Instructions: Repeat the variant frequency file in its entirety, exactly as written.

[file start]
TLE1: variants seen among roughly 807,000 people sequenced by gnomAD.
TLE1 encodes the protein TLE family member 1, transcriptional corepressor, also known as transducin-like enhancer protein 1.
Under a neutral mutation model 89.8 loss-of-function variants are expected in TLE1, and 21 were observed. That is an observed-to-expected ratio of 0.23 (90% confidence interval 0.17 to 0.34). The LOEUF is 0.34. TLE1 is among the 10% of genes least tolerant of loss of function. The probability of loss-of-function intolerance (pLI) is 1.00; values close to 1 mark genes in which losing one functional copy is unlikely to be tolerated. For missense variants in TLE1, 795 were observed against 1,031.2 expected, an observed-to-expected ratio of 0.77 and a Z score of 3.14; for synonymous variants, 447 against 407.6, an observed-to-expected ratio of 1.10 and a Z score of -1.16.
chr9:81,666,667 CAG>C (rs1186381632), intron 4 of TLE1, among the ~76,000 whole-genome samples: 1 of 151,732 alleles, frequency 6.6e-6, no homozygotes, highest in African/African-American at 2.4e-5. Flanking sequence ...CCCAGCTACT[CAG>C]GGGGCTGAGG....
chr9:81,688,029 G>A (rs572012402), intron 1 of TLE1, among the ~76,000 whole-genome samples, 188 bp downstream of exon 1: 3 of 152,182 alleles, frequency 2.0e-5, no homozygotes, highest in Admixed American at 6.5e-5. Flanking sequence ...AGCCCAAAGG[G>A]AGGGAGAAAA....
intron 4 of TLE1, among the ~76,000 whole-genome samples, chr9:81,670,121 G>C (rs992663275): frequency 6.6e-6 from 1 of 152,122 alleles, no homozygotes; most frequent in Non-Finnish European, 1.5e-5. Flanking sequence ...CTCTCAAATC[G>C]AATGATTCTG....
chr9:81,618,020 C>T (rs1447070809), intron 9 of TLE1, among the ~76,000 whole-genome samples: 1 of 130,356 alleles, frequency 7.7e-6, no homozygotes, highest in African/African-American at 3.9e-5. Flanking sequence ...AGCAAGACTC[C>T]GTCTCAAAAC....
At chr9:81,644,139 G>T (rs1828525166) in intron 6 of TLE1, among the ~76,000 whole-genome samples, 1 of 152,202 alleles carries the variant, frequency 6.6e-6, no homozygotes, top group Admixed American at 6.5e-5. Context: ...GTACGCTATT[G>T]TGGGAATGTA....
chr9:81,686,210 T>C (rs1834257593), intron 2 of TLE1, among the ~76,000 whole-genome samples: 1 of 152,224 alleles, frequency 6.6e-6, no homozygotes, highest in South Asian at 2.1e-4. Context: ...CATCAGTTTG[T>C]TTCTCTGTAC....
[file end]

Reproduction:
TLE1: variants seen among roughly 807,000 people sequenced by gnomAD.
TLE1 encodes the protein TLE family member 1, transcriptional corepressor, also known as transducin-like enhancer protein 1.
Under a neutral mutation model 89.8 loss-of-function variants are expected in TLE1, and 21 were observed. That is an observed-to-expected ratio of 0.23 (90% confidence interval 0.17 to 0.34). The LOEUF is 0.34. TLE1 is among the 10% of genes least tolerant of loss of function. The probability of loss-of-function intolerance (pLI) is 1.00; values close to 1 mark genes in which losing one functional copy is unlikely to be tolerated. For missense variants in TLE1, 795 were observed against 1,031.2 expected, an observed-to-expected ratio of 0.77 and a Z score of 3.14; for synonymous variants, 447 against 407.6, an observed-to-expected ratio of 1.10 and a Z score of -1.16.
chr9:81,666,667 CAG>C (rs1186381632), intron 4 of TLE1, among the ~76,000 whole-genome samples: 1 of 151,732 alleles, frequency 6.6e-6, no homozygotes, highest in African/African-American at 2.4e-5. Flanking sequence ...CCCAGCTACT[CAG>C]GGGGCTGAGG....
chr9:81,688,029 G>A (rs572012402), intron 1 of TLE1, among the ~76,000 whole-genome samples, 188 bp downstream of exon 1: 3 of 152,182 alleles, frequency 2.0e-5, no homozygotes, highest in Admixed American at 6.5e-5. Flanking sequence ...AGCCCAAAGG[G>A]AGGGAGAAAA....
intron 4 of TLE1, among the ~76,000 whole-genome samples, chr9:81,670,121 G>C (rs992663275): frequency 6.6e-6 from 1 of 152,122 alleles, no homozygotes; most frequent in Non-Finnish European, 1.5e-5. Flanking sequence ...CTCTCAAATC[G>C]AATGATTCTG....
chr9:81,618,020 C>T (rs1447070809), intron 9 of TLE1, among the ~76,000 whole-genome samples: 1 of 130,356 alleles, frequency 7.7e-6, no homozygotes, highest in African/African-American at 3.9e-5. Flanking sequence ...AGCAAGACTC[C>T]GTCTCAAAAC....
At chr9:81,644,139 G>T (rs1828525166) in intron 6 of TLE1, among the ~76,000 whole-genome samples, 1 of 152,202 alleles carries the variant, frequency 6.6e-6, no homozygotes, top group Admixed American at 6.5e-5. Context: ...GTACGCTATT[G>T]TGGGAATGTA....
chr9:81,686,210 T>C (rs1834257593), intron 2 of TLE1, among the ~76,000 whole-genome samples: 1 of 152,224 alleles, frequency 6.6e-6, no homozygotes, highest in South Asian at 2.1e-4. Context: ...CATCAGTTTG[T>C]TTCTCTGTAC....